The chart is an expanded version of previous ones I've produced, designed to show which openings might be most appealing from candidates' perspective. I would order them Philadelphia, Arizona and Jacksonville based on a range of factors, including quarterbacks and ownership.

Around the NFC West: Coaching updates

January, 15, 2013
A quick look around the NFC West coaching landscape:
  • Arizona: The Cardinals are reportedly planning a second interview with Denver Broncos offensive coordinator Mike McCoy as the team searches for a new head coach. Some speculation points to McCoy preferring San Diego for the presence of quarterback Philip Rivers. That seems logical. However, most of the information regarding the candidates appears anonymously. A small number of people are in position to know the details. Most of those people have something to gain from what information is released and how that information is presented. It's tough to know what McCoy really thinks, but the quarterback situation in Arizona isn't going to excite any candidate.
  • St. Louis: Coach Jeff Fisher is searching for a defensive coordinator and linebackers coach. Rob Ryan, most recently defensive coordinator for Dallas, is reportedly the favorite to fill the same role for the Rams. Very little information has filtered out of Rams headquarters on this subject, however.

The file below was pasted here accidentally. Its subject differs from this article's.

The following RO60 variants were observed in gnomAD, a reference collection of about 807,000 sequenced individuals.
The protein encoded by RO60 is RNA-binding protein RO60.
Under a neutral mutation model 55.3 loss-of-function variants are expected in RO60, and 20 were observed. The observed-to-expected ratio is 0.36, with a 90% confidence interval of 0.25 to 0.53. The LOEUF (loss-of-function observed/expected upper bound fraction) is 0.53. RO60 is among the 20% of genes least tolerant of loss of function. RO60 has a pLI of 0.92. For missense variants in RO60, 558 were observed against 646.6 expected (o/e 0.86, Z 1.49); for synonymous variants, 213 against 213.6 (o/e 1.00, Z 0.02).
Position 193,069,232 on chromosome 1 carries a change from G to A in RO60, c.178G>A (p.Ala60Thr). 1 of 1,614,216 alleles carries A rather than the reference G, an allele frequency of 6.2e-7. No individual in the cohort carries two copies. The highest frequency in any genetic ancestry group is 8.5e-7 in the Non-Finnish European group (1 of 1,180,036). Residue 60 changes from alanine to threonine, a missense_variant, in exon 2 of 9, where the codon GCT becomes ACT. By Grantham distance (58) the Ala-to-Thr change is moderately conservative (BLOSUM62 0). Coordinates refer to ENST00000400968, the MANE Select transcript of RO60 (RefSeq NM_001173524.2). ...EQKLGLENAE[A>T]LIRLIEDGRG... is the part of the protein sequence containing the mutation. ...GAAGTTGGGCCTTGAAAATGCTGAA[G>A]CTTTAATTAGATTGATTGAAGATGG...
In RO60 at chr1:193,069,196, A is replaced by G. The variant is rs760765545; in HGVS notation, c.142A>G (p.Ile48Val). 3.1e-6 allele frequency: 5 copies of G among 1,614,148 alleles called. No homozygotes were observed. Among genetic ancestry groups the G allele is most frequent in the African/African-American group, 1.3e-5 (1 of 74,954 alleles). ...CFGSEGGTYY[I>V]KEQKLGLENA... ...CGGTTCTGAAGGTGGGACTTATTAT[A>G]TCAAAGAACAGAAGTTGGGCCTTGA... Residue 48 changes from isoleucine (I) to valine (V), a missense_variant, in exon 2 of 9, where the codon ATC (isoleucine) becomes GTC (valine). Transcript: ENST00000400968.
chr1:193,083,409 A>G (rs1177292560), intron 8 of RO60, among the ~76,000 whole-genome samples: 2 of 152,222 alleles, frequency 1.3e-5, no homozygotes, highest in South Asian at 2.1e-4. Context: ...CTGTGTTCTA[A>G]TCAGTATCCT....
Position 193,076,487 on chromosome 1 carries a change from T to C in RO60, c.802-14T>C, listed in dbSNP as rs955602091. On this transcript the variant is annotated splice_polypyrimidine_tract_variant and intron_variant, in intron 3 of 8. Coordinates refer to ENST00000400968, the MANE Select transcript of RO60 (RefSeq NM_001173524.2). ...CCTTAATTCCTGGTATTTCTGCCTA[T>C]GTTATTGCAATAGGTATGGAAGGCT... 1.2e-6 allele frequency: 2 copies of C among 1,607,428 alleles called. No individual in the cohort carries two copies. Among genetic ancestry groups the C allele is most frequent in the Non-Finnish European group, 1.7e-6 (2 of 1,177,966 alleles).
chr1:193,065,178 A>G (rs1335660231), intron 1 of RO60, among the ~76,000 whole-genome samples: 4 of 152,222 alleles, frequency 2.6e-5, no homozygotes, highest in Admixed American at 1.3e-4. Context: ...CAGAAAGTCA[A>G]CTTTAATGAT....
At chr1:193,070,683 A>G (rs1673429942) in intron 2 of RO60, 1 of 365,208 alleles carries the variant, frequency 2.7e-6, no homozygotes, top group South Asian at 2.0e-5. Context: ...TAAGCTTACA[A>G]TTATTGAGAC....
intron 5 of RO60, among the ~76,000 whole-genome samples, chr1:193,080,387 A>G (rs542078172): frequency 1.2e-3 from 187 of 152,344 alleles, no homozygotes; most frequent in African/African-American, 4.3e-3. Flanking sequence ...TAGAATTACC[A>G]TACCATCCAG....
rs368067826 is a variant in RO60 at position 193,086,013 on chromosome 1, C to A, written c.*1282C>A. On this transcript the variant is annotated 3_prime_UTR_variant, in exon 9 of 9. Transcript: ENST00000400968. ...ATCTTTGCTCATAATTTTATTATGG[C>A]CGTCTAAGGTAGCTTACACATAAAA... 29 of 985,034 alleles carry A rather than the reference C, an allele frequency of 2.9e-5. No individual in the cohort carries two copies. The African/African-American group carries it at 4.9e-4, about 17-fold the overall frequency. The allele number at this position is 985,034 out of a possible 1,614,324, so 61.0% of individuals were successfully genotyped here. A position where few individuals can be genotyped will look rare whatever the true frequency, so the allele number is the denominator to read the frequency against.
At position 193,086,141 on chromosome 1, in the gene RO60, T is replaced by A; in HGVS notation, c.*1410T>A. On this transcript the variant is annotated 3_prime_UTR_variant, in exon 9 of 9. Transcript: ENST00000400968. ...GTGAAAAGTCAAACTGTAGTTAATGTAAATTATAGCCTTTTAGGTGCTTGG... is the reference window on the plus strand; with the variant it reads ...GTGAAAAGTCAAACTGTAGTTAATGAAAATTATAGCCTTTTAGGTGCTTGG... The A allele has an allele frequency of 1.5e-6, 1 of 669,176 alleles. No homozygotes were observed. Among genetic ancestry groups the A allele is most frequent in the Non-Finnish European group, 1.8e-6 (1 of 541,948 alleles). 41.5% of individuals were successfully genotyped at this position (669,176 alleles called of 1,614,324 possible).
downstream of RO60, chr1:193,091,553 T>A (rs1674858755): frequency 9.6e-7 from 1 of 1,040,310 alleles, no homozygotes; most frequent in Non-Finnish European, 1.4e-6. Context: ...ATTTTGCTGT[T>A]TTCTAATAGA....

• Seattle: Coordinators Darrell Bevell (offense) and Gus Bradley (defense) are getting second interviews with Chicago and Philadelphia, respectively. Bevell and CFL coach Marc Trestman are finalists with the Bears. Another prominent Seahawks assistant, Tom Cable, has not surfaced as a candidate elsewhere. If Bradley left, I suspect he would want to take along defensive line coach Todd Wash. The two coached together with Tampa Bay previously. They played together and coached together at North Dakota State. However, the Seahawks would have to let Wash out of his contract. Dan Quinn, the Seahawks' former defensive line coach, would be a logical candidate to replace Bradley in Seattle if Bradley did get the Philadelphia job. Quinn is the defensive coordinator at Florida.
  • San Francisco: Not much new here. Offensive coordinator Greg Roman has been linked informally to Jacksonville based on his past association with Jaguars general manager David Caldwell. Niners director of player personnel Tom Gamble interviewed with the New York Jets.

Where West coaches stand as candidates

January, 10, 2013
A few NFC West assistant coaches and personnel evaluators remain in play for jobs elsewhere:

A look at where things stand: